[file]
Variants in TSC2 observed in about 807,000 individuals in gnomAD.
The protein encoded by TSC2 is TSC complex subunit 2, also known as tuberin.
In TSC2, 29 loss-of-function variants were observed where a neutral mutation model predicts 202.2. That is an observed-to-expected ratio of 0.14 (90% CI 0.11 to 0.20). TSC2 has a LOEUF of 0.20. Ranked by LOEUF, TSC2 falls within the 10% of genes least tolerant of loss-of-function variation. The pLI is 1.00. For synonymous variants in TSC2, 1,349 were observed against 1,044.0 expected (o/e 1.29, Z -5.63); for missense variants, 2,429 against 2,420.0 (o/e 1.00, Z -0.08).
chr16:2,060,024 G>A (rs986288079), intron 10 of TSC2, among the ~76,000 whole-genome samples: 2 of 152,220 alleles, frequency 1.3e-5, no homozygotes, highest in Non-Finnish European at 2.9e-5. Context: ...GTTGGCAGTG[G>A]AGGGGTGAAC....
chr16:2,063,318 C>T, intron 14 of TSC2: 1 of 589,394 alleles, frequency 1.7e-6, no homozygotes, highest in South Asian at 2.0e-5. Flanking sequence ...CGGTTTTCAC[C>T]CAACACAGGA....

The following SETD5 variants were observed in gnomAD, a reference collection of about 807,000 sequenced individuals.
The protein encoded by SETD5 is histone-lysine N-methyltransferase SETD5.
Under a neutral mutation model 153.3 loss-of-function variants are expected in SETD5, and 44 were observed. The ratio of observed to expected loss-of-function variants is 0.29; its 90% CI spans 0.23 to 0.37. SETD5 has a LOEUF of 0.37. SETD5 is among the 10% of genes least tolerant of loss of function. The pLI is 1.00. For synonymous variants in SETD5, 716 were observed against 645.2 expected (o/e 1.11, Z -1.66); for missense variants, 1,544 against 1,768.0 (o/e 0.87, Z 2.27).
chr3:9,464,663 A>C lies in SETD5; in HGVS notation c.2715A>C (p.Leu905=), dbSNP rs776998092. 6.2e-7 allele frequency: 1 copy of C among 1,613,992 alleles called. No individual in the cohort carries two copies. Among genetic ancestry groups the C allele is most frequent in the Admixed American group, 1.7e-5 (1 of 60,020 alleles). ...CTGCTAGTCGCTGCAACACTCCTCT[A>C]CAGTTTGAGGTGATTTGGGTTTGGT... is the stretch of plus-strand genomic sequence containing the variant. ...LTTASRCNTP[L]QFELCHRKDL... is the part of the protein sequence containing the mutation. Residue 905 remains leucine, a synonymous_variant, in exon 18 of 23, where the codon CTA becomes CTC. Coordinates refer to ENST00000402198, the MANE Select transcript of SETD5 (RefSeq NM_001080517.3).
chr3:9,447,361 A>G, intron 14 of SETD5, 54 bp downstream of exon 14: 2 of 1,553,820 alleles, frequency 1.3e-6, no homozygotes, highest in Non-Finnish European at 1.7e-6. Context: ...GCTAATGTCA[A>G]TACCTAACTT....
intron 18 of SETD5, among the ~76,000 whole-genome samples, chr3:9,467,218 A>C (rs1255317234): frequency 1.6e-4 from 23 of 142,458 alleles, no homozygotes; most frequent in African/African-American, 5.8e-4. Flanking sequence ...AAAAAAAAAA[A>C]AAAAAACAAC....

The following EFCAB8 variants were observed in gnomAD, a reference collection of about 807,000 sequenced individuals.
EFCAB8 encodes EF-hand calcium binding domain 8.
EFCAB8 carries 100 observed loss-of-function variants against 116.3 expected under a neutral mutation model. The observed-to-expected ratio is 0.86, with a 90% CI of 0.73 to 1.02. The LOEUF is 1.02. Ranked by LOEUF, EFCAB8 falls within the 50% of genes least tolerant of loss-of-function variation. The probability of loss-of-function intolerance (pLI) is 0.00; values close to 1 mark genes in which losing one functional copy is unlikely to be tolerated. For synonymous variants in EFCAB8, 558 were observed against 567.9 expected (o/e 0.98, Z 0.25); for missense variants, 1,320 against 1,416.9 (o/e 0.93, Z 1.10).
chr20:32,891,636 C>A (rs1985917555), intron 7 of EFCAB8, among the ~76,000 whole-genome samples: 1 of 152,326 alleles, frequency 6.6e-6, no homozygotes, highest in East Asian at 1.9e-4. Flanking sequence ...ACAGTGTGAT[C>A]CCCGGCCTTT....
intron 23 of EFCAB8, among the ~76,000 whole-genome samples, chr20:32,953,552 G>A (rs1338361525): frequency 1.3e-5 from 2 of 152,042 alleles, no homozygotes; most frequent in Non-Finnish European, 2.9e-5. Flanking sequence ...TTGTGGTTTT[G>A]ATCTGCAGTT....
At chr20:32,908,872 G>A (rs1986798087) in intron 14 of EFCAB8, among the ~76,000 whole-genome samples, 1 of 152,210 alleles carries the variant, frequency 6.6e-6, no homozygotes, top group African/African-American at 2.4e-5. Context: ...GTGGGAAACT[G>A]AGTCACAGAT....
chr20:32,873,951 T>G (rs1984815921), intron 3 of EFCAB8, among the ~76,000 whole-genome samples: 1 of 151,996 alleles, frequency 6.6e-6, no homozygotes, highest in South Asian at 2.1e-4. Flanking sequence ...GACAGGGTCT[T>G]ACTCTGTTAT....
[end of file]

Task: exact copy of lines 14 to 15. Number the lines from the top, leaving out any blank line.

EFCAB8 carries 100 observed loss-of-function variants against 116.3 expected under a neutral mutation model. The observed-to-expected ratio is 0.86, with a 90% CI of 0.73 to 1.02. The LOEUF is 1.02. Ranked by LOEUF, EFCAB8 falls within the 50% of genes least tolerant of loss-of-function variation. The probability of loss-of-function intolerance (pLI) is 0.00; values close to 1 mark genes in which losing one functional copy is unlikely to be tolerated. For synonymous variants in EFCAB8, 558 were observed against 567.9 expected (o/e 0.98, Z 0.25); for missense variants, 1,320 against 1,416.9 (o/e 0.93, Z 1.10).
chr20:32,891,636 C>A (rs1985917555), intron 7 of EFCAB8, among the ~76,000 whole-genome samples: 1 of 152,326 alleles, frequency 6.6e-6, no homozygotes, highest in East Asian at 1.9e-4. Flanking sequence ...ACAGTGTGAT[C>A]CCCGGCCTTT....